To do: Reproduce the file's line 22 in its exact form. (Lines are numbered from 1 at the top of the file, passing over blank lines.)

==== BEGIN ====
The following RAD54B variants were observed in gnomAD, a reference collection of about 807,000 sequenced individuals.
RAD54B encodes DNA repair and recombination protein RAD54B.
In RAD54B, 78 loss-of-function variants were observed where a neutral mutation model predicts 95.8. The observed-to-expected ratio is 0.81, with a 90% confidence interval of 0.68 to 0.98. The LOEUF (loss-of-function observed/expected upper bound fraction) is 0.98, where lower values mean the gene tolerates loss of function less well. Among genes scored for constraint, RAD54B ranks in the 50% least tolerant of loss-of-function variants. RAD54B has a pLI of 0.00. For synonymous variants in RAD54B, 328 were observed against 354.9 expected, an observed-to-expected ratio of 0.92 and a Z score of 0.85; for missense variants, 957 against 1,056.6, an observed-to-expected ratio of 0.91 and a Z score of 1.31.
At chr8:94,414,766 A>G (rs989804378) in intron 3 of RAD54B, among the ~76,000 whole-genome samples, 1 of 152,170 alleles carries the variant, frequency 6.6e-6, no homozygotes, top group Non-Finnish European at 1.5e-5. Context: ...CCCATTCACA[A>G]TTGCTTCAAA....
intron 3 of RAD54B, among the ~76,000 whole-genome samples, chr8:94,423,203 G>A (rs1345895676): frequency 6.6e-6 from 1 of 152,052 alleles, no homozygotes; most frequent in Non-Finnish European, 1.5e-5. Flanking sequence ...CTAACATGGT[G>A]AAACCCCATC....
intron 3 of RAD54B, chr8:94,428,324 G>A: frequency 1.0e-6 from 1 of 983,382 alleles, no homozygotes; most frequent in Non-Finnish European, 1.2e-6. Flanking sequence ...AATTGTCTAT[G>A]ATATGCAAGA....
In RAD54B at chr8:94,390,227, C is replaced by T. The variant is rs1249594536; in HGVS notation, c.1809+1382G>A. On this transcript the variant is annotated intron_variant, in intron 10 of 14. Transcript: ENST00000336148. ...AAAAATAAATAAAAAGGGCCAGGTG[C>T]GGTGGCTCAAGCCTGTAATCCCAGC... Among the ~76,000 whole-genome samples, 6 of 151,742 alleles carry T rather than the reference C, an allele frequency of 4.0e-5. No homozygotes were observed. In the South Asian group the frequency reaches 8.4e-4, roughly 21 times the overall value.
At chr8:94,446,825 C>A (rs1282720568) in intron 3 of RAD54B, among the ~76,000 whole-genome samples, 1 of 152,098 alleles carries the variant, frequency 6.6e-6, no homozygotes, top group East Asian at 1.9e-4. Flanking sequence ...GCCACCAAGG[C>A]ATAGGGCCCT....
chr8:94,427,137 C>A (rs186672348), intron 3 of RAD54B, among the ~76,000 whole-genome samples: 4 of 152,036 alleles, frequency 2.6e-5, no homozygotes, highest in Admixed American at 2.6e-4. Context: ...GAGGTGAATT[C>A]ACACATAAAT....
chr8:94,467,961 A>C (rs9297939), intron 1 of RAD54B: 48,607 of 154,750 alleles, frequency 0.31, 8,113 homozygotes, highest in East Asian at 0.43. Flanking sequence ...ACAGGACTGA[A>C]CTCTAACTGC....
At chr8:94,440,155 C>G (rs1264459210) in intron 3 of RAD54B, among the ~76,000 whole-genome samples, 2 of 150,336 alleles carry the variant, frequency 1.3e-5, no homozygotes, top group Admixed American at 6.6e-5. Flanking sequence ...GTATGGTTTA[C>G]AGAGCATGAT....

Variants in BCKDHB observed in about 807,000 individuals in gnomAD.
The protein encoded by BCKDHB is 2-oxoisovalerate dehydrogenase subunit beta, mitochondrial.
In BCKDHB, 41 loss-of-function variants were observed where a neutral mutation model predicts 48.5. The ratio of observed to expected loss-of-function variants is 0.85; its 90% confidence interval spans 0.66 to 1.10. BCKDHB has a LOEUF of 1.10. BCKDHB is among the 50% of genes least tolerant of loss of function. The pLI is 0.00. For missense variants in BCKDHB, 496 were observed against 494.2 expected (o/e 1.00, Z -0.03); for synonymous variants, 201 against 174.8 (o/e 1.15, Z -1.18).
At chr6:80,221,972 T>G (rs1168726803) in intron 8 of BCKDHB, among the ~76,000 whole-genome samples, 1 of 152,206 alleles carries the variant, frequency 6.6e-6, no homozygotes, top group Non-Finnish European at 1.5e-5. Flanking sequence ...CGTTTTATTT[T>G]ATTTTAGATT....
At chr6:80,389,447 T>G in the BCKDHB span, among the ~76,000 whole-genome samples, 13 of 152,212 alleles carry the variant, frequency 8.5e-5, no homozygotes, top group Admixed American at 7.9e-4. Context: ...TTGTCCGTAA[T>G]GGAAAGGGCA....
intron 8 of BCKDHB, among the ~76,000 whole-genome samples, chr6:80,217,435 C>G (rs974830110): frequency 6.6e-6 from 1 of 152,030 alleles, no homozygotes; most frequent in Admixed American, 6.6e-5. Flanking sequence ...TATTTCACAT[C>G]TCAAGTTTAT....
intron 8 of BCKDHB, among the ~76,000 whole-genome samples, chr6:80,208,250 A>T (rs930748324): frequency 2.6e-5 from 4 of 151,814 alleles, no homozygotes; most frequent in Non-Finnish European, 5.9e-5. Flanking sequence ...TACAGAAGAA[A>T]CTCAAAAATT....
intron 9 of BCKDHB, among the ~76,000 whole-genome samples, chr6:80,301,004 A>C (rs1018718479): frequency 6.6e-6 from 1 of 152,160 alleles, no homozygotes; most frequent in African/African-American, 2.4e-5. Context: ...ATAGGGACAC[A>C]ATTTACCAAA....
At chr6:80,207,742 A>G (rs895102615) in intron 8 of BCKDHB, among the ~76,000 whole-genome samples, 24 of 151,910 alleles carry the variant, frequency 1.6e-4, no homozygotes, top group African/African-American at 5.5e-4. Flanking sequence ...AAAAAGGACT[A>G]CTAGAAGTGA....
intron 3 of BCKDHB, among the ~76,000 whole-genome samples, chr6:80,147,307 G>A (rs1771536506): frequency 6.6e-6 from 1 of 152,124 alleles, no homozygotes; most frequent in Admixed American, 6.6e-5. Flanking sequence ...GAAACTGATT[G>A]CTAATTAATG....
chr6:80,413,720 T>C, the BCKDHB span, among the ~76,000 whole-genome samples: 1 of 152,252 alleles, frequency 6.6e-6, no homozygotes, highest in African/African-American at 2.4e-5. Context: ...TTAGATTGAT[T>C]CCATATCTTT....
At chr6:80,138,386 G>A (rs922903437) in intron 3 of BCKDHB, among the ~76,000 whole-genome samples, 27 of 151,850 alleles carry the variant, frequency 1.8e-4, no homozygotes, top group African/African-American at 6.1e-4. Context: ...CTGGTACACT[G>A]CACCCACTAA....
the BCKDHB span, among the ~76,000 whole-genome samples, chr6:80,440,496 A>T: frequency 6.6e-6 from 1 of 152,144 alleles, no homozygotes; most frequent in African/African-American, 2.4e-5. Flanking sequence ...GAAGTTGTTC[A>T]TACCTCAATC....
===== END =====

chr6:80,413,720 T>C, the BCKDHB span, among the ~76,000 whole-genome samples: 1 of 152,252 alleles, frequency 6.6e-6, no homozygotes, highest in African/African-American at 2.4e-5. Context: ...TTAGATTGAT[T>C]CCATATCTTT....